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Egret and crab

Saturday, November 25, 2023

Faith and belief

I am not much of a believer but try to respect those that rely on faith in their life. It is tough at times because I am a pretty skeptical person by nature but everybody is entitled to the belief system of their choice, that is as long as nobody gets hurt too bad.

Behold, I give unto you power to tread on serpents and scorpions, and over all the power of the enemy: and nothing shall by any means hurt you. Luke 10:19


Philippine crucifixion rite
Everyone is entitled to the worship or delusion of their choice, even if some of it seems like bad science fiction to a non believer like me. 

All religions are fairly irrational but that is a topic for another day.

You want to get nailed to a cross in Manila, have at it.

I admire your piety, if not your enormous pain tolerance.

And not to say the Jews are any more rational than the rest of them.

Twelve days a month you are forbidden to have any physical contact with your spouse. 

As in, even touching them, brushing up against their shoulder.

And let's not forget Deuteronomy 22:11, which promises everlasting hell if we wear linen and wool at the same time, not to mention a hell of an itch. Or Kaparot, where Jews kill live chickens by swinging them around their necks and transferring their sins to them. Weird.

Joseph Smith communes with the salamander that guards the golden plates

There is a point to my story in all this. When I was doing my show in San Francisco an old woman I know that is very good friends with two of my clients came into my booth. She went crazy for an Imari punch bowl that I recently purchased, ultimately bought a painting across the way.

But I could help noticing that the woman was bleeding from the bottom of both eyes. She had a bandage underneath both of them.

When her pals came by I asked if their older friend was okay? 

"Oh yes, she is great, not to worry," they said. "Nothing wrong." Case closed.

And then I remembered that they all lived together in a Christian Science home in the city. Of course she was okay because as you know, disease really doesn't exist.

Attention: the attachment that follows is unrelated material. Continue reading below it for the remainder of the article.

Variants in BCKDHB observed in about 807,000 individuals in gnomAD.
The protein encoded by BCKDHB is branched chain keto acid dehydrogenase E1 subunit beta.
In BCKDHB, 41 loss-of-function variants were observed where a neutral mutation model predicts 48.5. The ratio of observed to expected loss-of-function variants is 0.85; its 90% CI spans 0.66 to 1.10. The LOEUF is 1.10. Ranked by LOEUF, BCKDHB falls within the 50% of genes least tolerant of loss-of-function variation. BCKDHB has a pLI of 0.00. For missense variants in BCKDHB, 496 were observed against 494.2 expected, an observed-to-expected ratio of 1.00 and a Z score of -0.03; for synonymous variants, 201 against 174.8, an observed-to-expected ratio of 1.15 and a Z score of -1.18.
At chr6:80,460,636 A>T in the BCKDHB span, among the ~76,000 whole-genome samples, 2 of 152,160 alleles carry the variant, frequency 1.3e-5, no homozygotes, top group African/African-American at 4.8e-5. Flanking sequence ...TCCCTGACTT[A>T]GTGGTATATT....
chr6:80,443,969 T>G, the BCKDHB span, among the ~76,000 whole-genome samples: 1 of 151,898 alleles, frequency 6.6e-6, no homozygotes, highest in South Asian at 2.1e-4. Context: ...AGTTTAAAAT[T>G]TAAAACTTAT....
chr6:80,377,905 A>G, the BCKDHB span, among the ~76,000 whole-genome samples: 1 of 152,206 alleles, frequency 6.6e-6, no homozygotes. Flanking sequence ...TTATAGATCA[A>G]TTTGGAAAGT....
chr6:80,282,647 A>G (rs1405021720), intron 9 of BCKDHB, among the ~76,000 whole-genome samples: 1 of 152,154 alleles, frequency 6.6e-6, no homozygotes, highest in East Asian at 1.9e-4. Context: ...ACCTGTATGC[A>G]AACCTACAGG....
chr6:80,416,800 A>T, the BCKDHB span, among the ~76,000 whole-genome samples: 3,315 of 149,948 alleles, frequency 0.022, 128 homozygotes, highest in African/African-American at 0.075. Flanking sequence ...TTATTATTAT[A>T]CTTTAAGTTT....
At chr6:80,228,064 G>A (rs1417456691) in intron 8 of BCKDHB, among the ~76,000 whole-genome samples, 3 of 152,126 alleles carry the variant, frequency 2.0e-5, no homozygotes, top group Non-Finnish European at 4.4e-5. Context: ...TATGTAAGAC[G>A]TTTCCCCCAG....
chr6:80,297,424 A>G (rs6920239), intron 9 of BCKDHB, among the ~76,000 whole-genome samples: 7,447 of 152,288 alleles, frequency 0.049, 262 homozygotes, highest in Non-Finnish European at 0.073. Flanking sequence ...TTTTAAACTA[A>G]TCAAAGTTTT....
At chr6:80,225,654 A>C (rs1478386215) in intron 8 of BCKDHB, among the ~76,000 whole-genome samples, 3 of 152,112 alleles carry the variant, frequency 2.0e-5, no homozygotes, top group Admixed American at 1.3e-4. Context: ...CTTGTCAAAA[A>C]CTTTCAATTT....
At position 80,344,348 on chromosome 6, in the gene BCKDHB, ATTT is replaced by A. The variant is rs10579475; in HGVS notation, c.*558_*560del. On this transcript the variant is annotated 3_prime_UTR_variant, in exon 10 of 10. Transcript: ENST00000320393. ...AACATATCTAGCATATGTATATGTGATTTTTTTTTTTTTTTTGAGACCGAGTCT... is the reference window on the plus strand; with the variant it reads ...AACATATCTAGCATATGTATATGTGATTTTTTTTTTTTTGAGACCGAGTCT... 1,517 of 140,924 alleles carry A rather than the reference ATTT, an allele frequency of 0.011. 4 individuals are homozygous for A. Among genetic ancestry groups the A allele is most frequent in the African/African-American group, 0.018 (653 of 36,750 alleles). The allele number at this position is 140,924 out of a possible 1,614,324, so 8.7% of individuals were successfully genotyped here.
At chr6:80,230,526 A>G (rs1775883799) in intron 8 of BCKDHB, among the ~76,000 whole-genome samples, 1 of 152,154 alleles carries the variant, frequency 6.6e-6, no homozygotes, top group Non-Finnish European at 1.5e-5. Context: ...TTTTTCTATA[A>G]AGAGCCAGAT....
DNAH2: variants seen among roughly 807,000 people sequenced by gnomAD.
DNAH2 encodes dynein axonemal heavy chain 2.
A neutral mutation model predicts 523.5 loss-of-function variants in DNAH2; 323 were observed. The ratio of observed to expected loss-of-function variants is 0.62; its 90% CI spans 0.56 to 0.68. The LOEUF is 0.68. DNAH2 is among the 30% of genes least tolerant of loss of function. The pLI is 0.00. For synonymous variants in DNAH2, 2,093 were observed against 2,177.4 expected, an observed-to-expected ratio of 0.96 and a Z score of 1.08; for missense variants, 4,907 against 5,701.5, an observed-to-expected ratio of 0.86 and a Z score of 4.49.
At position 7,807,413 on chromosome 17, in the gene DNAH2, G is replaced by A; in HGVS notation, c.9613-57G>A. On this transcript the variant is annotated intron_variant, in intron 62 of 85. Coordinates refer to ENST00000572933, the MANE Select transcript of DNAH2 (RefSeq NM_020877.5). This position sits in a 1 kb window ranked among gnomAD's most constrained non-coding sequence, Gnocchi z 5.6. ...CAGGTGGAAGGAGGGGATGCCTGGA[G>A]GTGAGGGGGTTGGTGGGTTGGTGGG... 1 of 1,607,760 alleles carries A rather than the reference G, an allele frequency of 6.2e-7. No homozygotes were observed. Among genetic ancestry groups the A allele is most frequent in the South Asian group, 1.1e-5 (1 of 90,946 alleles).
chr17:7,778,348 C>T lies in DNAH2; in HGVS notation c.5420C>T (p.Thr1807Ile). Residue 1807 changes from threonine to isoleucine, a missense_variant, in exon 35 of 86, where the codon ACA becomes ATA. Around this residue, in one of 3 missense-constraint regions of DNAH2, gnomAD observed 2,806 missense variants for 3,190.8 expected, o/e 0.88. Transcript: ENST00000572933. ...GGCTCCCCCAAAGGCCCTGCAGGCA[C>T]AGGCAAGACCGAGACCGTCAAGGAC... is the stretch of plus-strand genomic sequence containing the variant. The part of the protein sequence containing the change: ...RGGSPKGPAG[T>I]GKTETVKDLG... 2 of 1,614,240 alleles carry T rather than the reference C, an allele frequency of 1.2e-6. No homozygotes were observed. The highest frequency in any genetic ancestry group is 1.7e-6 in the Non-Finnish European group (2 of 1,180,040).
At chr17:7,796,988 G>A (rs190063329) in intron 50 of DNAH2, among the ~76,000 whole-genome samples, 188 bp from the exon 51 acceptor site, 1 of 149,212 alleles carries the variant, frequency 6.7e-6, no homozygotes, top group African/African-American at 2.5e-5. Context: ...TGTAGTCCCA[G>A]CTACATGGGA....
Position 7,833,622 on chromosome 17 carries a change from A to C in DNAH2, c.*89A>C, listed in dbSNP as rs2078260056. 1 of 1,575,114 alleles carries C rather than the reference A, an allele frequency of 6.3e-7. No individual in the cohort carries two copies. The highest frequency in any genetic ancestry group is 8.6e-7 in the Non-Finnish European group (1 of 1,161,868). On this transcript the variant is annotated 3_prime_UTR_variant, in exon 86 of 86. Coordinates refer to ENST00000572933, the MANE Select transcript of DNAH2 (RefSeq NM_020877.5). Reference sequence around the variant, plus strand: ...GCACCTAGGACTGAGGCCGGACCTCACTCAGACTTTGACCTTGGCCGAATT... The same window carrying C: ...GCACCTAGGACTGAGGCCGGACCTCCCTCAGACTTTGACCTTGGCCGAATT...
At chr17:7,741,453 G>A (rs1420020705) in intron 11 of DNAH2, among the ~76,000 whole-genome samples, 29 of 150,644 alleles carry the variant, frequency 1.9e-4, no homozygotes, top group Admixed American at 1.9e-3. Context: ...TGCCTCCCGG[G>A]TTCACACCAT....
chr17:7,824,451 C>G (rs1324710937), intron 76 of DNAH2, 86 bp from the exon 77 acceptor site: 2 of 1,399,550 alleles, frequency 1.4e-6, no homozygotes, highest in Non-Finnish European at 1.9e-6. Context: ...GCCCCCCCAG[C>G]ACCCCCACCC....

I went to a Christian Science boarding school in Idyllwild for a year, Desert Sun. You had to sign a waiver if you ever wished to get medical care. 

They left open wounds on the horses at the school, as if they shared their spiritual belief system.

I remember them asking a fellow student if he wished to get treated and he said, "Hell yes, I bleed."

Faith can be a rather interesting thing to ponder. Hard for me to not think of all the red fluid coming out of that poor woman's eyes.

This reminds me of another story. I was a hippie and had traveled to Highbridge Park in Spokane for one of the first Rainbow festivals. I set my tent up by a creek. There were some back to nature hippies living there, totally gone native.

Anyway I asked them if the water in the nearby creek was okay to drink?

"Oh yes," they proclaimed.

I came down with the case case of giardia dysentery you could ever imagine. After my recovery, which took several days, I tracked these kindred earth spirits down.

"Hey man, you said the water was okay to drink. You never told me that goats were shitting in it upstream."

Their answer floored me. "We don't believe in disease, man." Mary Baker Eddy would have loved these hippies. And you want to know why I am such a skeptic...

Since we are on the topic of religion I might as well broach a subject I have been thinking about. I recently heard that popular culture tattoo artist Kat Von D has renounced witchcraft and become a Baptist. Good for her. Whatever floats your boat. Anne Rice, a fellow goth and novelist who also wrote some pretty intense pornography, had a similar end of life conversion, returning to her childhood Catholicism. George Harrison, a Catholic in his youth, ended becoming an ersatz Hindu as an adult.

What I notice about these choices is that all of the before and afters of these people were filled with heavy ritual. Rather than get off the ritual train, or even becoming agnostics, atheists or non believers, they all found a belief system to substitute in the opposite direction that delivered the message in a very similar way to their previous conditioning. The Hindu saints that George embraced later in life were really not too far removed from the saints of his childhood, just a slightly different color and flavor. People tend to swing extreme to extreme.

Not sure that I am making sense here but it seems like people need a certain intensity level and pageantry in matters of faith and that many obviously crave ritual, not mention a third party to intercede for them in matters of spirituality. 

2 comments:

Jon Harwood said...

Well now, I do think there is quite a gulf between what the various prophets and avatars said directly to their students and followers and the religions that developed from this. But more important, I wonder what a universal deity would be if we removed the human projections. I suspect that this deity may be well beyond our comprehension. Attempts to explain it will probably fall short by the nature of what is being described. The job of the prophet has been to translate this into an understandable form and in the process it reduces what is described somewhat on the order of explaining a nuclear reactor by making an analogy to a Duracell.

So by my logic, deity may be a big mystery.

On the other hand. there is also the possibility that religion is just what SeƱor Roberto describes: a parade of folly and exploitation. Well humans, ya'll have free will (maybe) so the choice is yours.

Jon Harwood said...

Carl Jung once said, “Modern man can’t see god because he doesn’t look low enough.”